Not very technological but BOFH and PFY approved for their own use. Paris, because she told me about this.
Guys, all of this sounds so funny. It's easy to blame the PROs, but none of you actually talk about the real bad guys in the story. I am not in the security business myself, but for me it is pretty normal that people have more than one email account. It will be waste of time if you try to administrate them all. I understand if there is a leakage of corporate information and your clients are in a great danger, but to judge someone' professionalism because his subscription' mail box is not safety enough is just insane.
Dave Hall pointed out that using a email service violated the possession/control principal. The thing is, this doesn't necessarily imply a bad security decision. Rarely is there perfect security, and even if the researcher were to have managed their own mail server, he likely would be sacrificing on the Availability and possibly even the Utility of their mail solution. It'd be rare for any individual to be able to fund the redundancy and bandwidth required to withstand a concerted DoS effort against a botnet's attack against infrastructural elements of a home network (or even a small consulting business). By insisting on a 'do-it-yourself' mentality for things like mail, you could expose more surface area for attack.
Also, frankly, gmail (along with gcalendar and other g-goodies) are a lot more *useful* than most mail-only solutions out there. The trade off between utility and security isn't always a cut and dry question.
The article seemed to imply the Cross Site Scripting (XSS) attacks generally only provide a single transaction vector for attack. It surprising that the register would make this mistake as the canonical example of a XSS attack is to demonstrate the mapping of the DOM element 'document.cookies' into a web request to an attacker's website. This attack provides an attacker all the session credentials needed to login to a web application without requiring a password (and thus allowing full access to all archived mail). I'm not saying this is what was done in this case, but to dismiss this vector as impractical would be a mistake.
"Schimel said his scrape with the attackers was a wake-up call for him to follow security best practices, including the use of different passwords for each online account."
The fact that he wasn't doing so already, and seems to have been tripped up by a sKript k1ddie exploit and/or by using ware that is well known to be vulnerable speaks volumes about his professionalism.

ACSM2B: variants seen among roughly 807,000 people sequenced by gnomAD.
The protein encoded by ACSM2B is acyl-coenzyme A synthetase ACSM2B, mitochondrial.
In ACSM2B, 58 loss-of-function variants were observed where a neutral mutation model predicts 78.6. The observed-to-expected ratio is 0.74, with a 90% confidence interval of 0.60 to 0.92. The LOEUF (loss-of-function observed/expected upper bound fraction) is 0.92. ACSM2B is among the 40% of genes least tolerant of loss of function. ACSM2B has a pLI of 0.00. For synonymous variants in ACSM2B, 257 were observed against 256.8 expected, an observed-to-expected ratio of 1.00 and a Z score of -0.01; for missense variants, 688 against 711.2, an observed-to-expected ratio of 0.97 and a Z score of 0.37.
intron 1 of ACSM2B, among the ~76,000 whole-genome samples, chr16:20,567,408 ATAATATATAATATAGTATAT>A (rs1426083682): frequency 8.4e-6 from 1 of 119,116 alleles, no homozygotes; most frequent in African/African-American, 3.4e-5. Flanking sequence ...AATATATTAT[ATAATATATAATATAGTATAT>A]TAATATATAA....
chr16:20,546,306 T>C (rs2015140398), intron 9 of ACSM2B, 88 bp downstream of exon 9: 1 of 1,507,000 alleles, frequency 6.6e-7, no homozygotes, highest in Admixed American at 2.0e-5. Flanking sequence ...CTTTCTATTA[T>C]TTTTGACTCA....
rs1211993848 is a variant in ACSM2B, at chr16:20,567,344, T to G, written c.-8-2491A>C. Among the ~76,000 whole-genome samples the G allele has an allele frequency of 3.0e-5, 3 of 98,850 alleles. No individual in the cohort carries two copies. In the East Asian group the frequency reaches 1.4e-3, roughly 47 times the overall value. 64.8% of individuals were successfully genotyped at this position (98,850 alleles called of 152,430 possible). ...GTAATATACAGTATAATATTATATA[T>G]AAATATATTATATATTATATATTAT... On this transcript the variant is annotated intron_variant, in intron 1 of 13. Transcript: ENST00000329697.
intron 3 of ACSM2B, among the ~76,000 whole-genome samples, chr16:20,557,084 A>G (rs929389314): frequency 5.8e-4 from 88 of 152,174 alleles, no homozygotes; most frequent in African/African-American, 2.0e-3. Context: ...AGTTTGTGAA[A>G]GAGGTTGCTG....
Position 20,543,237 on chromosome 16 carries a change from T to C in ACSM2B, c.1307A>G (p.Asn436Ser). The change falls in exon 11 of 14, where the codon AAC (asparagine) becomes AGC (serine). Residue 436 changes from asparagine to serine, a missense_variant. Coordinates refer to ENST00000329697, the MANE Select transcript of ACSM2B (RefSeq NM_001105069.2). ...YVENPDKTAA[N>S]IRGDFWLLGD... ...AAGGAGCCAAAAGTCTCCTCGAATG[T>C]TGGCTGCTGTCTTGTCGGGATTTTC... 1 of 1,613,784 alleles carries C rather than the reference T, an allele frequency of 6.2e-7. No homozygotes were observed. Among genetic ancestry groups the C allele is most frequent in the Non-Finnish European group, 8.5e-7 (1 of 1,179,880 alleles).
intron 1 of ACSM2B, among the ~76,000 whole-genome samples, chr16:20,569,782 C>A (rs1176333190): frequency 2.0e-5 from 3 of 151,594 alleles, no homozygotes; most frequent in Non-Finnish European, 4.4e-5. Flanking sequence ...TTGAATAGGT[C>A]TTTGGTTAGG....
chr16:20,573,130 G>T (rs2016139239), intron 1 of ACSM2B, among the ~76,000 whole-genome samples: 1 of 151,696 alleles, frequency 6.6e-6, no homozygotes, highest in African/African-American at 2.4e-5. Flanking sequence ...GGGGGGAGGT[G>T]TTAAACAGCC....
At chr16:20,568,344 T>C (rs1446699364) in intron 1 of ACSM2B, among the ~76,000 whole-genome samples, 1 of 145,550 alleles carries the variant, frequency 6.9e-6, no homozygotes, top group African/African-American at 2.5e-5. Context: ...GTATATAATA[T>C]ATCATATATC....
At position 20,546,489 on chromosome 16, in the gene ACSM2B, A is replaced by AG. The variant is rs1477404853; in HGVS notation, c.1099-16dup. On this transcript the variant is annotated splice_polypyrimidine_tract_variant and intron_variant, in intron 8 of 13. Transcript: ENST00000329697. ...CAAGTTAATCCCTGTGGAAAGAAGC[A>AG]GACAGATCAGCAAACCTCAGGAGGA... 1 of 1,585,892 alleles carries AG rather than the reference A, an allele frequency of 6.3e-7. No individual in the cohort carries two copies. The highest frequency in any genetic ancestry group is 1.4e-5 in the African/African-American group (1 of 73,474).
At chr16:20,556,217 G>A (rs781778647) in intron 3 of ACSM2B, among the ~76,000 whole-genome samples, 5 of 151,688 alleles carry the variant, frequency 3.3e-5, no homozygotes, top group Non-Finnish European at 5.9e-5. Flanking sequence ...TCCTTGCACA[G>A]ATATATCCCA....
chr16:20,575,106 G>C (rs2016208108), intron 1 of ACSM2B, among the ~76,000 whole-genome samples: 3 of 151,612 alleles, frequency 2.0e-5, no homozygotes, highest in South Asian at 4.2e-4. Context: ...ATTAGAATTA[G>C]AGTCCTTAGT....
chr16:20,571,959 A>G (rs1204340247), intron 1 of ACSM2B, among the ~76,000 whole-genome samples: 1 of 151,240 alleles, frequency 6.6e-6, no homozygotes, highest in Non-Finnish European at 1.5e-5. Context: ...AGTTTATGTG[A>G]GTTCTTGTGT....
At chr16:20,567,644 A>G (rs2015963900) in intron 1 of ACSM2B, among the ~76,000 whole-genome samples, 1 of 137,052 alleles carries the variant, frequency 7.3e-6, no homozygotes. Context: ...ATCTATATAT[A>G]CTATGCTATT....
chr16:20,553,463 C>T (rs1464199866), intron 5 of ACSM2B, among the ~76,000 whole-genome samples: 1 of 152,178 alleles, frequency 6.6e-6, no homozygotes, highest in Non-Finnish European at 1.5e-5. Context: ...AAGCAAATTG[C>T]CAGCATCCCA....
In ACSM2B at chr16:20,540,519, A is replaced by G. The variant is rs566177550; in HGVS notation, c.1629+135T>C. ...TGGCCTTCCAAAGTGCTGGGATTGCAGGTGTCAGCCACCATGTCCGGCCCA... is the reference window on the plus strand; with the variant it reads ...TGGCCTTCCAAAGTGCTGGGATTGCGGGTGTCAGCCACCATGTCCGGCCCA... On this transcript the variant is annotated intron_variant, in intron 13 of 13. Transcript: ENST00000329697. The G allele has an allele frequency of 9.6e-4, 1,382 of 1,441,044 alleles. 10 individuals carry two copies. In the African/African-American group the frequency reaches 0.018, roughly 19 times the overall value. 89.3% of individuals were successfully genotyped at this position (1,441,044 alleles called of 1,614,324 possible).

Reputation deservedly smeared, I can't help but think. But then, I'm not very nice.
wow :) now I am really scared :) this could happen to everyone, even the best ones in the field. Even if you are too paranoid about these issues, you can still get hacked. It's not about any security protection, it's about targeting and determination. Everything is vulnerable nowadays. Damn !
P.S Sorry for my English
In passing ...
// modify 10 if you want longer/shorter password
// add to 62 if you also include symbols in your array
Hi William. You are quite right. Security is a risk assessment. Suffering a DoS is likely a lot less damaging than having information stolen though. The DoS will end but stolen information is gone forever.
I use alpine to read my mail and the only way to my MTA is to authenticate ssh using RSA keys. The box is locked behind a firewall too. Yes I could suffer a loss of availability or utility but I have assessed the risk and determined that it is a good trade-off.
I'm a sysadmin who takes a lot of notice of security (as all sysadmins should, imho) and I was really surprised to see these security researchers making such basic mistakes.
Dan, you say, "Still others guess that the miscreants gained entry through the victims' blogs, which typically used blogging software from TypePad and WordPress. Those programs have routinely been found to contain gaping security holes."
This is false, and you should know better. The results from the Pwnie awards to the IBM X-Force report to the U.S. Department of Homeland Security's reports all list WordPress among the least secure applications of any kind, not just web apps. TypePad is nowhere to be found on those lists, because it's consistently been extremely secure and reliable for our users.